Changes in Demographics, Economics, and Politics after the War of

January 5, 2018 | Author: Anonymous | Category: Social Science, Political Science, American Politics
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Changes in Demographics 1815-1860 • Change #1—More people • Population of the US began to grow rapidly • Many new states, 1790-13 states, 1860-33 states

• Change #2—Where people lived • Americans began to move west in large numbers • More and more Americans (but not all and not even most) began to move to cities rather than farms

• Change #3—New types of people began to move to the US • New waves of immigration during the 1830’s through 1850’s (and beyond)

Change #1: Increased Population

Change #2: Where People Lived (Moving Out West)

Change #3: New Types of People—The New Immigrants • Beginning in the 1830s, 1840s number of immigrants began to increase dramatically • Immigrants began to come from new countries “New Immigrants” Ireland and Germany

• What’s significant about the new immigrants? • New countries Ireland and Germany—not just England anymore • New religions—especially Roman Catholicism • What’s the problem with Catholicism?

• Large number of immigrants—large number of poor immigrants

Increased Immigration: The New Immigrants (Irish and German)

Irish Immigration • Push and pull factors for immigrants • Push • Potato famine • Poverty in Ireland • Religious and political oppression by the British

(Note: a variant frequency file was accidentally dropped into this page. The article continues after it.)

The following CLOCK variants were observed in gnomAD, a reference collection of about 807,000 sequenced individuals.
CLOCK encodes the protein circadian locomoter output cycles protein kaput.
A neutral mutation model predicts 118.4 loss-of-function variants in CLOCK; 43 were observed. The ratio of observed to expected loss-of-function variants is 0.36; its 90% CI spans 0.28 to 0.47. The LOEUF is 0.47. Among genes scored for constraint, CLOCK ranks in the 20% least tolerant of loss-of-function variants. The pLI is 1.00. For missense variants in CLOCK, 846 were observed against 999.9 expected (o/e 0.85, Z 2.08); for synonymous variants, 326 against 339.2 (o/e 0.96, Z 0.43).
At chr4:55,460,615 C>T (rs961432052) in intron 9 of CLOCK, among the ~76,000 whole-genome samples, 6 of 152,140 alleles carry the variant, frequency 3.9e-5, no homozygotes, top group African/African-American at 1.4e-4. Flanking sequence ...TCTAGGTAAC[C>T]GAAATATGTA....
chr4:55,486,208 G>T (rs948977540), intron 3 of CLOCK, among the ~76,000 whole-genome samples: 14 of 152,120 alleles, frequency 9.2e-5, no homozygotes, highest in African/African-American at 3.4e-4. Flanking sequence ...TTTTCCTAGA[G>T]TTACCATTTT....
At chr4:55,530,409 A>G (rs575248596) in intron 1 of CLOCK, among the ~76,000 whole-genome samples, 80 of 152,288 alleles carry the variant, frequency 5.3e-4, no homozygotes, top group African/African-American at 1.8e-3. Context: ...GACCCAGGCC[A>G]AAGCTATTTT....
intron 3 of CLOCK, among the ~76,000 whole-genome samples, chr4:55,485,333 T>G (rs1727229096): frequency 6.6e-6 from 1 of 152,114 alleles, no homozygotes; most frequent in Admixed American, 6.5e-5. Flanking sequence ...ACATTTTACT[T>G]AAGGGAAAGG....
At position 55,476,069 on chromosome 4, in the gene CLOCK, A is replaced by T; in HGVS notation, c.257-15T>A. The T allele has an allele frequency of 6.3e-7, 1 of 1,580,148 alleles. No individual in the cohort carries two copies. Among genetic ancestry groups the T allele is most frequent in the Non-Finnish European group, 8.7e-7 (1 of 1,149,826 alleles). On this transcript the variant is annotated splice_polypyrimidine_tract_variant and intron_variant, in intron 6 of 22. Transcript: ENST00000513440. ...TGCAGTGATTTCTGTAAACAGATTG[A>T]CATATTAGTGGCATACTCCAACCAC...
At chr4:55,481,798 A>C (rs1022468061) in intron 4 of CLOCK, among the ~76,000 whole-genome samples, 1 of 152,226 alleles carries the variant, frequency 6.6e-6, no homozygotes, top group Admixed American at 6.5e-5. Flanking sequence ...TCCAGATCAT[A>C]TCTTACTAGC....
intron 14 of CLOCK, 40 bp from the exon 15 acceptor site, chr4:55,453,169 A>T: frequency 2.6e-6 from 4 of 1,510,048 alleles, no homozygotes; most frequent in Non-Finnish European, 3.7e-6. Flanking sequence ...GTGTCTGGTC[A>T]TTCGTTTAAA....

• Pull • Economic opportunity in the US • Religious tolerance

• Areas of settlement for the Irish: Northeastern cities, why?

German Immigration • Push • Religious intolerance in German states • Economic problems • Warfare and forced military service

• Pull • Religious tolerance and economic opportunity in US

• Not all German immigrants were Catholic (about half) • German immigrants tended to be wealthier (left more for pull reasons than push) • Areas of German settlement: More dispersed, throughout the Northern US (modern Midwest especially)

Anti-immigrant Reaction • Native-born Americans (Native Americans or Nativists) resented new immigrants, why? • Competition • New cultures/ethnicities • New religions • Know-Nothing Party, American Party • Two minor political parties that emerged during the mid 1800’s that were opposed to immigration and Catholicism

Irish and German Immigrants met with hostility in America

Impact of Demographic Changes on Politics • Impact of Increased Population • More people = harder to find land in the East (more crowded) • More people = less personal contact/influence over elected politicians

• Impact of Westward Movement • Out West = lots of cheap land, poor people can get land, poor people can now do WHAT?

• Impact of immigration • Population increased, but especially in Northeastern cities • What does this do to the political power of the North? (number of votes for President and in Congress that the North would get compared to the South) • Immigrants and other poor people living in cities don’t own land, which means they can’t do WHAT unless the rules change?

Changes in Economics • Change #1: The South becomes tied to cotton production and slavery even more than it was before • • • •

Cotton gin Plantation system (rural) Agricultural Slave labor

• Change #2: The North becomes increasingly industrialized • Factories located in cities close to workers and potential customers (urban) • Industrialized • Wage laborers